Monday, March 24, 2014

Mr. Mom and Other Derogatory Remarks

It's been nearly a month since my last post. Which means, for those of you that are keeping track, I'm many posts behind on my blog-a-week goal. Part of the reasoning in laziness; it takes time to sit down and write my thoughts. It would be so much easier if I could just think about it and have it posted... alas, here I am, typing what flows so quickly in between my ears. Another is that we had experienced a mold problem in our apartment, so for the past few weeks I have been busy moving things from Apt. 1 to Apt. 2, during the few hours I have alone in the afternoon and the few hours I have with my wife during the evening. But, despite my excuses, I am what I do. Or in the words of the late Jonathan Larson's Tick, Tick... BOOM!, "actions speak louder than words." I can't let the past define me any more then I can allow other peoples' opinions to give me meaning...

I know that being home with my son during the day is not the norm, particularly in the area I currently find myself in, but being outside of the norm doesn't bother me. I've never had to "fit in," I usually find my own way. I also know that what I'm doing is saving money, as well as giving my son the opportunity to be at home with Dad, which not many kids have and something my wife and I found important (being that we each had our parents working from home most of our lives). The only thing that bothers me (here comes the rant) are the snide comments, "How's being Mr. Mom?" or "How long are you on babysitting duty today?" You'd be shocked, but I find it inconceivably ignorant putting these labels on what it is I do. I have a full-time job in ministry, working at both a church and on a college campus, so insinuating that I have nothing else to do is wrong. And assuming that because Mom isn't at home, I have taken the role of her is also fundamentally naive. More than that, it's rude and the reason so many other problems are caused: constrained expectations. We force things into a mold of "how it's always been" or "just how it works" and kill the joy of what is actually at work in this improvisational sort of a life.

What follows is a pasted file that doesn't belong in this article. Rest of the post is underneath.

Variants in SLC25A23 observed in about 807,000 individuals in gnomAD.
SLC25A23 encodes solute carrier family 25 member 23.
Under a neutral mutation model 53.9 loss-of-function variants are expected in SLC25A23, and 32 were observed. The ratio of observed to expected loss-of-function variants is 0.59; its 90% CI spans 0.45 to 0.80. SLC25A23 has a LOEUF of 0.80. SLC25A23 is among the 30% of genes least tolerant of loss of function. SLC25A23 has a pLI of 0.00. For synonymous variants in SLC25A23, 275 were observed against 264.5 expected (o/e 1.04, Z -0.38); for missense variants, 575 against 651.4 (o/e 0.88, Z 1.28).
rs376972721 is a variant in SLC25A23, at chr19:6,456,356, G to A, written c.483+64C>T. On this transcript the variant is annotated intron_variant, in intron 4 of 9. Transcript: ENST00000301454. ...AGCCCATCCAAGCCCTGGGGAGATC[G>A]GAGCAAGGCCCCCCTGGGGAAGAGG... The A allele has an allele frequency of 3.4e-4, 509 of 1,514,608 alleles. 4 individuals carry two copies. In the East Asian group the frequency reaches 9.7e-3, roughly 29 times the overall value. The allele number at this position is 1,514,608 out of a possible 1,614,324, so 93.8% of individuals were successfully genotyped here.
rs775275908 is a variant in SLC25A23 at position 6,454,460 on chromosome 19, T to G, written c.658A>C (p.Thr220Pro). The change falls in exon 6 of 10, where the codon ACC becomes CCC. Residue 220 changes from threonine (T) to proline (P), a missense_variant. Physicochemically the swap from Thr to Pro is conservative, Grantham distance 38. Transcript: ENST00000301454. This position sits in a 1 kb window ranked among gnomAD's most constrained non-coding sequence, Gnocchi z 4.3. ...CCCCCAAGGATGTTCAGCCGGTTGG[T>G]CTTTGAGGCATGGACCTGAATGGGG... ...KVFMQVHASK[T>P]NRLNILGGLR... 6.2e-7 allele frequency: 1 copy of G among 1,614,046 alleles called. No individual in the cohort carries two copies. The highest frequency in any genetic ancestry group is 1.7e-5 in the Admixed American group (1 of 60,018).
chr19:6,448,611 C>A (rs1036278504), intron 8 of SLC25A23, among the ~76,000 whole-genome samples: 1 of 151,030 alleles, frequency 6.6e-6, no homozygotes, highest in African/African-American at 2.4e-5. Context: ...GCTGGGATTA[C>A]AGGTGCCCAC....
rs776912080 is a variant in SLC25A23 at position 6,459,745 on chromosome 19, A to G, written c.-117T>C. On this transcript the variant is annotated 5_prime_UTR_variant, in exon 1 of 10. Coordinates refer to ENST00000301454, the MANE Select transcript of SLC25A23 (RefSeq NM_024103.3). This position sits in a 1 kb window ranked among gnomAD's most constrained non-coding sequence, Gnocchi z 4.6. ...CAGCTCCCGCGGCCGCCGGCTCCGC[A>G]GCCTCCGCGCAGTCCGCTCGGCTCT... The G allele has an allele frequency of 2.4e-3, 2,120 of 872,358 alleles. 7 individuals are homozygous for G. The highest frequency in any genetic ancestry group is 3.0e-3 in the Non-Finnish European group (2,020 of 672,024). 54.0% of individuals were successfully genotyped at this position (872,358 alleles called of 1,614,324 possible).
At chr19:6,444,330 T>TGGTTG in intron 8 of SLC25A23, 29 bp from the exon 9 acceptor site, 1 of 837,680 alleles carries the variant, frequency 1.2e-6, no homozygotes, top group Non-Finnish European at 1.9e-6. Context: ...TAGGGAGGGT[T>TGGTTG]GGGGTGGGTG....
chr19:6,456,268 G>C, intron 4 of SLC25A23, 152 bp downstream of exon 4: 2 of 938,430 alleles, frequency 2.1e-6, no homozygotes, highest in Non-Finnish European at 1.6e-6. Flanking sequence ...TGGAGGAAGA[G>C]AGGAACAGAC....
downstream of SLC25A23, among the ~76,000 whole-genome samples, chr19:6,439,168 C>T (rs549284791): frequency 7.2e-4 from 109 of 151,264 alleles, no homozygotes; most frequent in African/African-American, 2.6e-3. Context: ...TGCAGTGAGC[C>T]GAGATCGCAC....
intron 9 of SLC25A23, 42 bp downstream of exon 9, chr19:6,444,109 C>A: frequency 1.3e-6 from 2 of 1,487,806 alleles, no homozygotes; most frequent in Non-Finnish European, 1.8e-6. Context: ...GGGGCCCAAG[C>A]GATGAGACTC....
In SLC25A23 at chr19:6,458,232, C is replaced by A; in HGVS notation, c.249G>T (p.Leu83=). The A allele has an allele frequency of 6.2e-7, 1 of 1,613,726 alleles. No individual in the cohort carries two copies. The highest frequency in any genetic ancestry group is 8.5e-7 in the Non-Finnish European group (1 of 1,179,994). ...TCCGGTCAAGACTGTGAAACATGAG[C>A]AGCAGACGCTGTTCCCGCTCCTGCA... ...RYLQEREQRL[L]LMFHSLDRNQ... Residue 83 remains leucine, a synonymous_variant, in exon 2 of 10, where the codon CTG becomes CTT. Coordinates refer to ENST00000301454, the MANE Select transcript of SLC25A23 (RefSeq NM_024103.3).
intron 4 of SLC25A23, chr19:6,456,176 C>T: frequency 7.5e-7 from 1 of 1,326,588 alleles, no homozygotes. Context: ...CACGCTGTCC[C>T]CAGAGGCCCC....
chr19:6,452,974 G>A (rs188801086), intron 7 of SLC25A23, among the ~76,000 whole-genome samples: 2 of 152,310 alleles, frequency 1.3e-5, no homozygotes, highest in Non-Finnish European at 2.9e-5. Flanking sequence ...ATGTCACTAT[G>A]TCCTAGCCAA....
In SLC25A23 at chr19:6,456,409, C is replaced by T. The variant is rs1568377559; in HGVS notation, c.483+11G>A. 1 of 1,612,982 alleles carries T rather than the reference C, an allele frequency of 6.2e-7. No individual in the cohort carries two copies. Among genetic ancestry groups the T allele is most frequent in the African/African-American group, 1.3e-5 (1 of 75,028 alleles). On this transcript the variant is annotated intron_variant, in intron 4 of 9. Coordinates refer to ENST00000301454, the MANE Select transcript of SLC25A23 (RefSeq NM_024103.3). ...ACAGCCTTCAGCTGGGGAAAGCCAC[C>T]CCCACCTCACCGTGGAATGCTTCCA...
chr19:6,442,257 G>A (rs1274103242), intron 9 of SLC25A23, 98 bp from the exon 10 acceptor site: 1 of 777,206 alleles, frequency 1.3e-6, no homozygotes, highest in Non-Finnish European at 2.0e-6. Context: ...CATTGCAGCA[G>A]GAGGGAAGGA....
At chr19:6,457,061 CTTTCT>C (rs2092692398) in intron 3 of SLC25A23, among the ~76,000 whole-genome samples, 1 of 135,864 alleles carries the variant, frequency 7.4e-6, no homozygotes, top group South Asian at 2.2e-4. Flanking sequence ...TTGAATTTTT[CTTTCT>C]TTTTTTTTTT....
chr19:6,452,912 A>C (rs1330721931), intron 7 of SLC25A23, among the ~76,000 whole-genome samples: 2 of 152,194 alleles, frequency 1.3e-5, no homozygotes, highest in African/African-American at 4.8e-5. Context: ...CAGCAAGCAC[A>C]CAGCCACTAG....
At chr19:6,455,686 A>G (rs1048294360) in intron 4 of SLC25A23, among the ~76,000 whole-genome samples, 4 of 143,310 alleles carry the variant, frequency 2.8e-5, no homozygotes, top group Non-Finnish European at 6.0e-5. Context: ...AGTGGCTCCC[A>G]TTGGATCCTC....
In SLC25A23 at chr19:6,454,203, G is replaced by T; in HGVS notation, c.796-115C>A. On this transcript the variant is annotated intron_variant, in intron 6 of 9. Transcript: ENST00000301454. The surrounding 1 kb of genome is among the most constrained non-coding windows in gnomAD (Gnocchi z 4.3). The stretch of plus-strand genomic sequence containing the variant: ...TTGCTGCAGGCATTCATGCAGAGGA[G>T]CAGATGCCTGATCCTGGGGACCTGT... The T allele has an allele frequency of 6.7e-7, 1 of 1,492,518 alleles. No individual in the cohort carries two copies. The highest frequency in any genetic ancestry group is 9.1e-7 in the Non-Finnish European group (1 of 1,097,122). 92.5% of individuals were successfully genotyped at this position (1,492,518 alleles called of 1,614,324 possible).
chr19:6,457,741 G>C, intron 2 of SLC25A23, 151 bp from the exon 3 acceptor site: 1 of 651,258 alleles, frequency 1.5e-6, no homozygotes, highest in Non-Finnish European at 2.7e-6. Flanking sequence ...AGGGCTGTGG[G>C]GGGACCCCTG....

I'm not "babysitting," I'm being a father. When I am home during the day with my son I don't turn into a mother or whatever else is insinuated by calling me "Mr. Mom." I am a man living life with my son in a way that most others don't get the opportunity to and I plan on enjoying every moment I have, because it may not be forever, it may not even be for the rest of the year; I don't know how long I have to enjoy life with my son, as I've learned from a near-death experience and a sibling gone too soon, so I will savor every day and every moment I have with him. I will continue, with all my strength, to raise my son "in a manner worthy of the gospel" and to keep to my convictions, no matter how much I fail at them. Using a line from Batman Begins, "It's not who I am underneath, but what I do that defines me." I pray that my actions may always speak louder than my words, and when I fail that others may give me the grace I need to continue striving towards the goal (just as God does) and vice versa.